¶ 18 Plaintiff first argues that the trial court erred by dismissing his original complaint. Defendant argues that plaintiff is barred from appealing the trial court's dismissal of his original complaint, because plaintiff failed to reallege, refer to, incorporate, or preserve the alleged defamatory statements made prior to the November release. We agree with defendant.

¶ 19 It is a well-settled rule that a party who files amended pleadings forfeits any objection to the trial court's rulings on any former complaints. Bonhomme v. St. James, 2012 IL 112393, ¶ 23. This court has stated:

"[F]ollowing entry of an order dismissing a complaint, if a party files an amended complaint that is complete in itself and does not refer to or adopt the prior pleading, the party has [forfeited] any challenge to the order dismissing the prior complaint." Gaylor v. Campion, Curran, Rausch, Gummerson & Dunlop, P.C., 2012 IL App (2d) 110718, ¶ 35 (citing Foxcroft Townhome Owners Ass'n v. Hoffman Rosner Corp., 96 Ill. 2d 150, 154-55 (1983)). To avoid forfeiture and preserve claims for appellate review, a party can: (1) stand on the dismissed counts, take a voluntary dismissal of any remaining counts, and argue the matter at the appellate level; (2) file an amended pleading that realleges, incorporates by reference, or refers to the dismissed counts; or (3) perfect an appeal from the dismissal order prior to filing an amended pleading that does not refer to or adopt the dismissed counts. Id. ¶ 36.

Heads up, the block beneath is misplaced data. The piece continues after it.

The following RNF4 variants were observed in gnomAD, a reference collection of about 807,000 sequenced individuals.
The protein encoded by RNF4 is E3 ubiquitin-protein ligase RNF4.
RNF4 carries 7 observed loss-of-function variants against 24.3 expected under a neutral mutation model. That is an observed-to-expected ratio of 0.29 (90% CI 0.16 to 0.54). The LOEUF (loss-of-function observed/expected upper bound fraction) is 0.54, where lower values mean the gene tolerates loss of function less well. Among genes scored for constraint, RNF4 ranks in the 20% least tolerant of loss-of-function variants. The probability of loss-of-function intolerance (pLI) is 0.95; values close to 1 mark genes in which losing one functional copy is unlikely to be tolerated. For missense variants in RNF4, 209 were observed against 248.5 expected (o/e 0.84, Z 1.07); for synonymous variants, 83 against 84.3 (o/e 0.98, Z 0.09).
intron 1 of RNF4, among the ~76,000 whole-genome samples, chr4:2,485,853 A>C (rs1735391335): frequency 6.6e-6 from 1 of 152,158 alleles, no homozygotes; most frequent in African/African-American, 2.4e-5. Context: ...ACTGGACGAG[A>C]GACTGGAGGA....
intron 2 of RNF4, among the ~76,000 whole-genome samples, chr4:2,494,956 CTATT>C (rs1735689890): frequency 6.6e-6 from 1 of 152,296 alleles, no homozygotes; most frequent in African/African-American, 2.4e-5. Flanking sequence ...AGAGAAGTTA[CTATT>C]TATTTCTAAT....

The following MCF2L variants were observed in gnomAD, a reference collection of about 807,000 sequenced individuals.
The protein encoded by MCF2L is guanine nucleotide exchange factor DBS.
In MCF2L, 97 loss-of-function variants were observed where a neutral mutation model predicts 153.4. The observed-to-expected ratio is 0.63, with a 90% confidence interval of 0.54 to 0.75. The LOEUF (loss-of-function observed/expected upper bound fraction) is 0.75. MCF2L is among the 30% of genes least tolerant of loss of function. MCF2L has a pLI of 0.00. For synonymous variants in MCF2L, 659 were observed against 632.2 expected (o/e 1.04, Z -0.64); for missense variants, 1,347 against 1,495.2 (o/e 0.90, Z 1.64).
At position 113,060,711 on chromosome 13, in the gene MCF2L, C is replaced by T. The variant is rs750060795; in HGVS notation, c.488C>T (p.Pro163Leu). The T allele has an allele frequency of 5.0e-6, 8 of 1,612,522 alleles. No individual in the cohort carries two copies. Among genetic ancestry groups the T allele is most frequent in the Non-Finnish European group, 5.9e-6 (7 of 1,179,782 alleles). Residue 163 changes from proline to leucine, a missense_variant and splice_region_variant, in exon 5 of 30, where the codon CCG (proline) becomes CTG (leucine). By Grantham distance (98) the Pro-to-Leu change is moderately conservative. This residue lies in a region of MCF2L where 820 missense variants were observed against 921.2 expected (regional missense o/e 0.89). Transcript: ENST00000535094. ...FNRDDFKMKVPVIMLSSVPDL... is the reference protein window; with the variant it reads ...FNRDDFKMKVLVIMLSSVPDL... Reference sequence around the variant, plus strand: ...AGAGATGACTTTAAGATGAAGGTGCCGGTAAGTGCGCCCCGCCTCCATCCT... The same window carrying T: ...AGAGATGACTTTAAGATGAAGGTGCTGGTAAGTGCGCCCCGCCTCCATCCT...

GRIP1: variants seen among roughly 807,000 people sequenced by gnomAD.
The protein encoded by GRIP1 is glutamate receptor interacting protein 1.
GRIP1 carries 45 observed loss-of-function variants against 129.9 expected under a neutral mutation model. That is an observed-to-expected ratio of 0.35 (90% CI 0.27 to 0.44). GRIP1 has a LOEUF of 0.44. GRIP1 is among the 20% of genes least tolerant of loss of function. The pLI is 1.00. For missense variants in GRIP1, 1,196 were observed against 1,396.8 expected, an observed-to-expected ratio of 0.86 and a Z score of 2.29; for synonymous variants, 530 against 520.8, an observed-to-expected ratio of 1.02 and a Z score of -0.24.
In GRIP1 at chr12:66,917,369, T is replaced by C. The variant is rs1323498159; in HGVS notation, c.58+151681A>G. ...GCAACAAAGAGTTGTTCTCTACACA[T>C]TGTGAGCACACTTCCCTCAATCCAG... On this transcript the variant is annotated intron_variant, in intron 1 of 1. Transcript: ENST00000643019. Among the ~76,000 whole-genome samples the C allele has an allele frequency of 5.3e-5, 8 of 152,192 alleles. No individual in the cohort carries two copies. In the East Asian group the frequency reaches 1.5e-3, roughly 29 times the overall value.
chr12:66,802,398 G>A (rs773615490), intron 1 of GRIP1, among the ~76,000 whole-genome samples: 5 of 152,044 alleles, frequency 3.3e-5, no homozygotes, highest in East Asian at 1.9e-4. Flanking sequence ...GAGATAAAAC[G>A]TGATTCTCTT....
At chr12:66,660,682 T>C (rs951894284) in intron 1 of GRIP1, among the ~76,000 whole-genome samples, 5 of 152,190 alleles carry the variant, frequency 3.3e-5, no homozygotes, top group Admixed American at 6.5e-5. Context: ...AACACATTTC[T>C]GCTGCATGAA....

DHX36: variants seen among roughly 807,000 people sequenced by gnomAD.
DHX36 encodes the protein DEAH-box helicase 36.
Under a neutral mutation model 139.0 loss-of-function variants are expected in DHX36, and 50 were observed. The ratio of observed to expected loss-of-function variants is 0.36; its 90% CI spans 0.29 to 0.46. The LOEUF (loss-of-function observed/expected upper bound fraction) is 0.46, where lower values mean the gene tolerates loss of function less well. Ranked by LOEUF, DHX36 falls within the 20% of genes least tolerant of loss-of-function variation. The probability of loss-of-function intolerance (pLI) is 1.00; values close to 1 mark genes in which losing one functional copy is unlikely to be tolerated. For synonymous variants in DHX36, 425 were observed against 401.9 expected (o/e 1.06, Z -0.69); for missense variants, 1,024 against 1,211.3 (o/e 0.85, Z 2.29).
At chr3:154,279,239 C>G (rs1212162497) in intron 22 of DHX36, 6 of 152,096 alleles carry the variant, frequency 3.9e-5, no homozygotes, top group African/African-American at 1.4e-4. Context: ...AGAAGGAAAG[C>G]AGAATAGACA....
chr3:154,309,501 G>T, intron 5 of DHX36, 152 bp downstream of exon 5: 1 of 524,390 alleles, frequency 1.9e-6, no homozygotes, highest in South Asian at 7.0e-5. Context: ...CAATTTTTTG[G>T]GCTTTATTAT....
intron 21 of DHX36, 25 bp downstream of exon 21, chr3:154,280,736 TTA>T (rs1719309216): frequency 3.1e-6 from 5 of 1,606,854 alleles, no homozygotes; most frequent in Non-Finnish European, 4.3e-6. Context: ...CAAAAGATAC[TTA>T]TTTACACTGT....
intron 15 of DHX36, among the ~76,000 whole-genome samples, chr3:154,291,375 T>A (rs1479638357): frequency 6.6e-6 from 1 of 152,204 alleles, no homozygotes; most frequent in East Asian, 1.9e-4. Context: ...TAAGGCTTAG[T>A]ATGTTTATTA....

¶ 20 Plaintiff's first and second amended one-count complaints did not reallege, refer to, or adopt the previously dismissed original one-count complaint that the trial court dismissed as barred based on the November release. Plaintiff also did not stand on the dismissed original complaint or perfect an appeal from the dismissal order prior to filing his first and second one-count amended complaints. Therefore, plaintiff forfeited any challenge to the order dismissing his original complaint. See id.

¶ 38. Plaintiff in effect abandoned and withdrew his original complaint. See id.